I read somewhere that we should lock the mutex before calling pthread_cond_signal and unlock the mutext after calling it:

The pthread_cond_signal() routine is used to signal (or wake up) another thread which is waiting on the condition variable. It should be called after mutex is locked, and must unlock mutex in order for pthread_cond_wait() routine to complete.

My question is: isn't it OK to call pthread_cond_signal or pthread_cond_broadcast methods without locking the mutex?


If you do not lock the mutex in the codepath that changes the condition and signals, you can lose wakeups. Consider this pair of processes:

Process A:

while (condition == FALSE)
    pthread_cond_wait(&cond, &mutex);

Process B (incorrect):

condition = TRUE;

Then consider this possible interleaving of instructions, where condition starts out as FALSE:

Process A                             Process B

while (condition == FALSE)

                                      condition = TRUE;

pthread_cond_wait(&cond, &mutex);

The condition is now TRUE, but Process A is stuck waiting on the condition variable - it missed the wakeup signal. If we alter Process B to lock the mutex:

Process B (correct):

condition = TRUE;

...then the above cannot occur; the wakeup will never be missed.

(Note that you can actually move the pthread_cond_signal() itself after the pthread_mutex_unlock(), but this can result in less optimal scheduling of threads, and you've necessarily locked the mutex already in this code path due to changing the condition itself).

  • 3
    @Nemo: Yes, in the "correct" path the pthread_signal_cond() can be moved after the mutex unlock, although it is probably better not to. It is perhaps more correct to say that at the point where you are calling pthread_signal_cond(), you will have already needed to have locked the mutex to modify the condition itself. – caf Jun 21 '11 at 1:40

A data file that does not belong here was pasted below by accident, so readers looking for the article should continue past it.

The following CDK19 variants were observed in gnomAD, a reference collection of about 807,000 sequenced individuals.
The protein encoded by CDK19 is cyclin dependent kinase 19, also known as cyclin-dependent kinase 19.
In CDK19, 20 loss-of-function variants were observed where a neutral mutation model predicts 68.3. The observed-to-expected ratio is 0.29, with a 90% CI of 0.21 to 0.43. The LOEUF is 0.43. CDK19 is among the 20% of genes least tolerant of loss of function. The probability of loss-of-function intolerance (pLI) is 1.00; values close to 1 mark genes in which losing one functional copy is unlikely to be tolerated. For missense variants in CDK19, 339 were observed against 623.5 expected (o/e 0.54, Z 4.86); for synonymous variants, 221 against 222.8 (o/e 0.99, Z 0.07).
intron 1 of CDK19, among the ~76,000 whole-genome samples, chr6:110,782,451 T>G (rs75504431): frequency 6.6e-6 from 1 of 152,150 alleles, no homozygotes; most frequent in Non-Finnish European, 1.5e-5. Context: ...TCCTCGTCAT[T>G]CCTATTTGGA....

• @Nemo: Yes, the code is broken, which is why it's marked as "incorrect" - it's my experience that people who are asking this question are often considering leaving the locking out entirely on the signalling path. Perhaps your experience differs. – caf Jun 21 '11 at 2:00
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    For what it's worth, it seems the question of whether to unlock before or after the signal is actually non-trivial to answer. Unlocking after ensures that a lower-priority thread won't be able to steal the event from a higher-priority one, but if you're not using priorities, unlocking before the signal will actually reduce the number of system calls/context switches and improve overall performance. – R.. Sep 29 '11 at 19:41
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    @R.. You have it backwards. Unlocking before the signal increases the number of system calls and decreases overall performance. If you signal before the unlock, the implementation knows the signal can't possibly wake a thread (because any thread blocked on the cv needs the mutex to make forward progress), allowing it to use the fast path. If you signal after the unlock, both the unlock and the signal can wake threads, meaning they're both expensive operations. – David Schwartz Nov 21 '17 at 23:26